HOMEBREW Digest #2440 Fri 13 June 1997

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		Digest Janitor: janitor@hbd.org
		Many thanks to the Observer & Eccentric Newspapers of 
		Livonia, Michigan for sponsoring the Homebrew Digest.
				URL: http://www.oeonline.com

  recirculating, batch sparging (Gary Knull)
  Scottish Vs. Scotch (John Goldthwaite)
  CO2 saturation: one last time ("Dave Draper")
  yeast cuturing ("Anton Verhulst")
  Re:all-grain, small batches (PickleMan)
  CO2 Toxicity ("David R. Burley")
  A cool occurence of marginal relevance (George De Piro)
  Lucky Jethro ("Rob Moline")
  Re: sour mashing (Scott Murman)
  Re: Malt Mills (Pricing) (Rob Kienle)
  Moving Refrigerators (Mark Polnasek)
  Stout question, Mk II (Matthew Arnold)
  moving freezers (kathy)
  bottle conditioned beer yeast (korz)
  Amber extract (korz)
  Getting tougher to ship entries to Brew Competitions (Wes Clement)
  adjuncts and head, yeast questions (James R. Layton 972.952.3718 JLAY)
  Version 4.0 - "The Wine Tours Project" ("Barry B. Floyd")
  Fruit and beer (David Johnson)
  Aussie hops, Coopers and CO2 toxicity (Andy Walsh)
  Princeton Homebrews side of the Pat Babcocks bad experience. (Small Change)
  Seeking Hops Info (Jeff Hewit)

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---------------------------------------------------------------------- Date: Wed, 11 Jun 1997 22:16:34 -0600 From: Gary Knull <gknull at gpu.srv.ualberta.ca> Subject: recirculating, batch sparging Since no one else responded to Linus Hall's (Friday June 6) note on batch sparging, I'll put in my bit. I, too, have resorted to batch sparging. Seven years ago when I designed and built my five gallon RIMS, I at first tried to use a sparging ring, a flat spiral of copper tubing with holes drilled in it, laid on top of the grain bed in my cylindrical combination mash /lauter tun. I was immediately disenchanted with the tedious process of standing there and monitoring the inflow and outflow from the tun over a period of 30 to 60 minutes. I think the ring was retired after the second batch. What I started doing then and have done ever since is to underlet the drained grain bed with sparge water. The OD of the hose from the sparge tank is the same as the ID of the recirculating hose, so I stick the one hose into the other and gravity forces the water backwards through the mash heater chamber, then through the impeller type recirculating pump (now turned off) and through the v-wire false bottom under the grain bed. I introduce seven quarts of water this way which serves to de-compact the grain bed. Then, after pulling the sparge tube out of the recirculation hose, I turn on the pump and heater and recirculate the sparge water for ten minutes at 75 degrees C (168F). The recirculating hose just lays on top of the grain bed and I adjust the pump speed and pump outlet valve to keep the liquid level just above the top of the grain. Then I'm free to go and do other things till my timer goes off. I then drain this sparge liquid into the kettle for five timed minutes before repeating this same sparge process two more times for a total of 21 quarts of sparge water and a time of 45 minutes. It may be no faster than a traditional sparge but I don't have to preside over it nearly as closely. I typically get 80% efficiency. I tried the traditional sparge method again once about a year ago and didn't get any better efficiency so, of course, I went back to my method which is so much less tedious. To reduce tannin leaching I used to correct the pH right in the sparge tank with either phosphoric or sulfuric acid. Now I use RO purified water which doesn't seem to leach tannins. Try it --- you'll like it. Gary Knull Edmonton, AB Canada Return to table of contents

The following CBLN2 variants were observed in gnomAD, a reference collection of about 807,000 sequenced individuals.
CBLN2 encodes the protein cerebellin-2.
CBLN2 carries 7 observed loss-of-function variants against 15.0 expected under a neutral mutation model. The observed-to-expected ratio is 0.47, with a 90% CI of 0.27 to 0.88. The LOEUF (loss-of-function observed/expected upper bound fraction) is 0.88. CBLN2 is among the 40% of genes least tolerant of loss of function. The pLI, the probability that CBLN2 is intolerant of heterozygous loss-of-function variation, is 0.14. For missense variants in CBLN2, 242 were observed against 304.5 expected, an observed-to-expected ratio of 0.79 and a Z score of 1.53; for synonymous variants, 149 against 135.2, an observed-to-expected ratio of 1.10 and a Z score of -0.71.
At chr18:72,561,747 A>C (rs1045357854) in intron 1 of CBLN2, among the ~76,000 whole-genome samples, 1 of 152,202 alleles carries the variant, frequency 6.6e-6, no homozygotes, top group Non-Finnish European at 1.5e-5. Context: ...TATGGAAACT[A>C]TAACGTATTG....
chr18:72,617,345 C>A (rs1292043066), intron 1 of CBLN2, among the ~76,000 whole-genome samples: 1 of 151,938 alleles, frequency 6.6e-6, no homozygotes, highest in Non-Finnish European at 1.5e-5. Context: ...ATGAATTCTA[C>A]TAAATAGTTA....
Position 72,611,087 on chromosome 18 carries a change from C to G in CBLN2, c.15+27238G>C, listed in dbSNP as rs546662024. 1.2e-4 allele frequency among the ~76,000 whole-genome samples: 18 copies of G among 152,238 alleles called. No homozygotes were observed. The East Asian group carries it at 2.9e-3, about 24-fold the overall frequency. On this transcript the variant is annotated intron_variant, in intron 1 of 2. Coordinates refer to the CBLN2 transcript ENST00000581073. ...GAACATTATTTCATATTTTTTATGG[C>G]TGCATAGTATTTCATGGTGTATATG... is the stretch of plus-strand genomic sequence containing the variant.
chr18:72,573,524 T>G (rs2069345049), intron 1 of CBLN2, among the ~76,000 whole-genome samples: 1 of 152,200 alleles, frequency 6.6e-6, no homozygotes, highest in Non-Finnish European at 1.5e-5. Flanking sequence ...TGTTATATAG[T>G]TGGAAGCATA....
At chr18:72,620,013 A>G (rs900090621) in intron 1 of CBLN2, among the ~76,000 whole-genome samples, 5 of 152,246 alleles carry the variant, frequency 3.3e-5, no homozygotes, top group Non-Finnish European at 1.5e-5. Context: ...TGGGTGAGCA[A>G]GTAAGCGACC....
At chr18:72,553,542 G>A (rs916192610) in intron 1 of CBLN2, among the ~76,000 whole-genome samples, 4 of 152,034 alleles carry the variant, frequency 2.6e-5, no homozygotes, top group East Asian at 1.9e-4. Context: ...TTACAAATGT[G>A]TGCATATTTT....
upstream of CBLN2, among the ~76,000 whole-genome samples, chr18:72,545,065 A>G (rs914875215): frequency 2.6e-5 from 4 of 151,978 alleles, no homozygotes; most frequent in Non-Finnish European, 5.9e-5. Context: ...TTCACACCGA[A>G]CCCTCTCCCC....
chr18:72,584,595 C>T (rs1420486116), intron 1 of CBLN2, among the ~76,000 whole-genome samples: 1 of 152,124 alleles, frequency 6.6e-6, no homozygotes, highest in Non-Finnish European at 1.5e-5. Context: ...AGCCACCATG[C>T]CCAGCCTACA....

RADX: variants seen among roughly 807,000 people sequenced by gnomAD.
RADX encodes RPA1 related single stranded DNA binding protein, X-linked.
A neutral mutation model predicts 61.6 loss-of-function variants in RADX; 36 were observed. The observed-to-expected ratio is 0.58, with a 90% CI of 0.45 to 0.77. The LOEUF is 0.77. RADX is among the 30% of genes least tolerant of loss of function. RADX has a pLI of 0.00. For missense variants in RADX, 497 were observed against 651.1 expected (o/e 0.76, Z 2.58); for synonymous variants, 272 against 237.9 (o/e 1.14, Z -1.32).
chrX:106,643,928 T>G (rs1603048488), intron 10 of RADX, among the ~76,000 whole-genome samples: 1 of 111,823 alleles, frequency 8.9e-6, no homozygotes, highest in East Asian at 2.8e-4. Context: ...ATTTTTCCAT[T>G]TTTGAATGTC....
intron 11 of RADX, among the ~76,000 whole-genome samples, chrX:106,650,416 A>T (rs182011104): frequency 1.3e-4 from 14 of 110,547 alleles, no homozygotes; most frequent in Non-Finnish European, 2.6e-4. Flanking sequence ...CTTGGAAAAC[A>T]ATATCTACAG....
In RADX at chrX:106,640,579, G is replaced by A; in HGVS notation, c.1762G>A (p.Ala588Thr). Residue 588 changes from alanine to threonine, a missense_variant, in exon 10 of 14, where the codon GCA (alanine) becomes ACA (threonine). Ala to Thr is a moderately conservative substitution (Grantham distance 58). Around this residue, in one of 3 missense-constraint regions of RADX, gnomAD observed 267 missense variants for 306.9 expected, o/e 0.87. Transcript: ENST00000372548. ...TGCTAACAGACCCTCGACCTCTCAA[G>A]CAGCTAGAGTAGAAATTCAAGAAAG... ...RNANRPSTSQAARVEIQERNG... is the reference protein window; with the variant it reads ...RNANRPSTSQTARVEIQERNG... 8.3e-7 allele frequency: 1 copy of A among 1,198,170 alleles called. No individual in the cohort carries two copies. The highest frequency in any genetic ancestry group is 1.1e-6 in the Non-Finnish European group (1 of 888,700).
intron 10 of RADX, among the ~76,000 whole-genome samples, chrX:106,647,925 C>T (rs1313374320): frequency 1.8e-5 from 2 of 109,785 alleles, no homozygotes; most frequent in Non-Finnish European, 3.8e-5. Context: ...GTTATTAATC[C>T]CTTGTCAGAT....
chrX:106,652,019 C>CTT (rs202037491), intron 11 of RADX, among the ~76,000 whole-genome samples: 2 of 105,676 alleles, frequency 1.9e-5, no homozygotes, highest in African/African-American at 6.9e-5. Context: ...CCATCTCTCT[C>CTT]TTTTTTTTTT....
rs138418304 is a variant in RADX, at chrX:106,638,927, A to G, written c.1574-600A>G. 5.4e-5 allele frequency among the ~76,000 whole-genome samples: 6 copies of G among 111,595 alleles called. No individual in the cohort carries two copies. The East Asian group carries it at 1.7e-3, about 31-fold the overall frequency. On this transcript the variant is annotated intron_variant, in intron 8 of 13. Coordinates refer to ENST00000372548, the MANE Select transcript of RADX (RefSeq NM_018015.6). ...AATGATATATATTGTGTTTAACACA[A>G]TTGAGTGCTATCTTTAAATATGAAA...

Date: Thu, 12 Jun 1997 09:43:59 -0400 (EDT) From: ir358 at cleveland.Freenet.Edu (John Goldthwaite) Subject: Scottish Vs. Scotch Ello Malt Hounds, I got a kick out of Ian's anecdote about his Grandfather's regularity, but I'm not sure that's the answer that Sam was lookin' for. I'm a far cry from a style geek, and Ian will probably want to beat me severely about the head and shoulders with a caber for saying this, but a Scottish Ale is roughly akin to a bitter. A Scotch Ale is LOTS heavier and usually VERY alcoholic. More like a barleywine or a super heavy stout. Try McEwan's Scotch ale to get a handle on what I feel is an excell- ent beer. I'd recommend several of these before hitting the links! - -- "Gonna drink all day, gonna rock all night, The law come to getcha if you don't walk right..."[Garcia/Hunter] Return to table of contents